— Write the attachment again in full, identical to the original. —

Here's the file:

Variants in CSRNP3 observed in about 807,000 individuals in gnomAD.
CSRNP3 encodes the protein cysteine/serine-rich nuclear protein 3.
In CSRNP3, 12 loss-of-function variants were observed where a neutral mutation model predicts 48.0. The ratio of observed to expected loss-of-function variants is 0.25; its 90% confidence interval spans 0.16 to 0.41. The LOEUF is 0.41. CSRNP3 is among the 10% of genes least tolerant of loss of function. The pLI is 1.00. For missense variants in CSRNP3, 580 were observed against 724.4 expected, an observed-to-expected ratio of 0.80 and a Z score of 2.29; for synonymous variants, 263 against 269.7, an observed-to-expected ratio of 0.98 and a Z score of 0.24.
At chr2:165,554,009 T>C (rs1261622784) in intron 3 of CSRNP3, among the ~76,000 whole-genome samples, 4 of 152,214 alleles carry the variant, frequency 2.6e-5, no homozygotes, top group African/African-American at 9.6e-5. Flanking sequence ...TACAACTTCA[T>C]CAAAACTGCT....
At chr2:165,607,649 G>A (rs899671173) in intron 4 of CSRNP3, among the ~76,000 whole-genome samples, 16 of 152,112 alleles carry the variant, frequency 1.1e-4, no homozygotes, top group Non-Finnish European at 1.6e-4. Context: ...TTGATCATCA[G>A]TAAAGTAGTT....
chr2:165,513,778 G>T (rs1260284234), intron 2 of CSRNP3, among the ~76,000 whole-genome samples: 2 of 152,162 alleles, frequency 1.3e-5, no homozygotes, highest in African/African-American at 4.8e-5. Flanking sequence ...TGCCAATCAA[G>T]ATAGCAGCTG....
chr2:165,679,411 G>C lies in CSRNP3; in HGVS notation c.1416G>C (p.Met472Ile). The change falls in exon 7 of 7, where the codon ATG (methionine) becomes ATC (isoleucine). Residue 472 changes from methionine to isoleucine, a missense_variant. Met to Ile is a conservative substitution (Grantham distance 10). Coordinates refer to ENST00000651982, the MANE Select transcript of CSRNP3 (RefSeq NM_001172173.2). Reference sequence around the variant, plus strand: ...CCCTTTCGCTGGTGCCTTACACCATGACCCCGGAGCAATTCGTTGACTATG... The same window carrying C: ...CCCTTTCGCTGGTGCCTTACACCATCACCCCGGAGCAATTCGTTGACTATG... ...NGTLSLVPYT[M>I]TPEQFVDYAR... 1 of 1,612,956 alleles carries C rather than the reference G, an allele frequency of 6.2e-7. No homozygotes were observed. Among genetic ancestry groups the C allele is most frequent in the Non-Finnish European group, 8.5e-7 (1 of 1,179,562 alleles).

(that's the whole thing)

Variants in CSRNP3 observed in about 807,000 individuals in gnomAD.
CSRNP3 encodes the protein cysteine/serine-rich nuclear protein 3.
In CSRNP3, 12 loss-of-function variants were observed where a neutral mutation model predicts 48.0. The ratio of observed to expected loss-of-function variants is 0.25; its 90% confidence interval spans 0.16 to 0.41. The LOEUF is 0.41. CSRNP3 is among the 10% of genes least tolerant of loss of function. The pLI is 1.00. For missense variants in CSRNP3, 580 were observed against 724.4 expected, an observed-to-expected ratio of 0.80 and a Z score of 2.29; for synonymous variants, 263 against 269.7, an observed-to-expected ratio of 0.98 and a Z score of 0.24.
At chr2:165,554,009 T>C (rs1261622784) in intron 3 of CSRNP3, among the ~76,000 whole-genome samples, 4 of 152,214 alleles carry the variant, frequency 2.6e-5, no homozygotes, top group African/African-American at 9.6e-5. Flanking sequence ...TACAACTTCA[T>C]CAAAACTGCT....
At chr2:165,607,649 G>A (rs899671173) in intron 4 of CSRNP3, among the ~76,000 whole-genome samples, 16 of 152,112 alleles carry the variant, frequency 1.1e-4, no homozygotes, top group Non-Finnish European at 1.6e-4. Context: ...TTGATCATCA[G>A]TAAAGTAGTT....
chr2:165,513,778 G>T (rs1260284234), intron 2 of CSRNP3, among the ~76,000 whole-genome samples: 2 of 152,162 alleles, frequency 1.3e-5, no homozygotes, highest in African/African-American at 4.8e-5. Flanking sequence ...TGCCAATCAA[G>T]ATAGCAGCTG....
chr2:165,679,411 G>C lies in CSRNP3; in HGVS notation c.1416G>C (p.Met472Ile). The change falls in exon 7 of 7, where the codon ATG (methionine) becomes ATC (isoleucine). Residue 472 changes from methionine to isoleucine, a missense_variant. Met to Ile is a conservative substitution (Grantham distance 10). Coordinates refer to ENST00000651982, the MANE Select transcript of CSRNP3 (RefSeq NM_001172173.2). Reference sequence around the variant, plus strand: ...CCCTTTCGCTGGTGCCTTACACCATGACCCCGGAGCAATTCGTTGACTATG... The same window carrying C: ...CCCTTTCGCTGGTGCCTTACACCATCACCCCGGAGCAATTCGTTGACTATG... ...NGTLSLVPYT[M>I]TPEQFVDYAR... 1 of 1,612,956 alleles carries C rather than the reference G, an allele frequency of 6.2e-7. No homozygotes were observed. Among genetic ancestry groups the C allele is most frequent in the Non-Finnish European group, 8.5e-7 (1 of 1,179,562 alleles).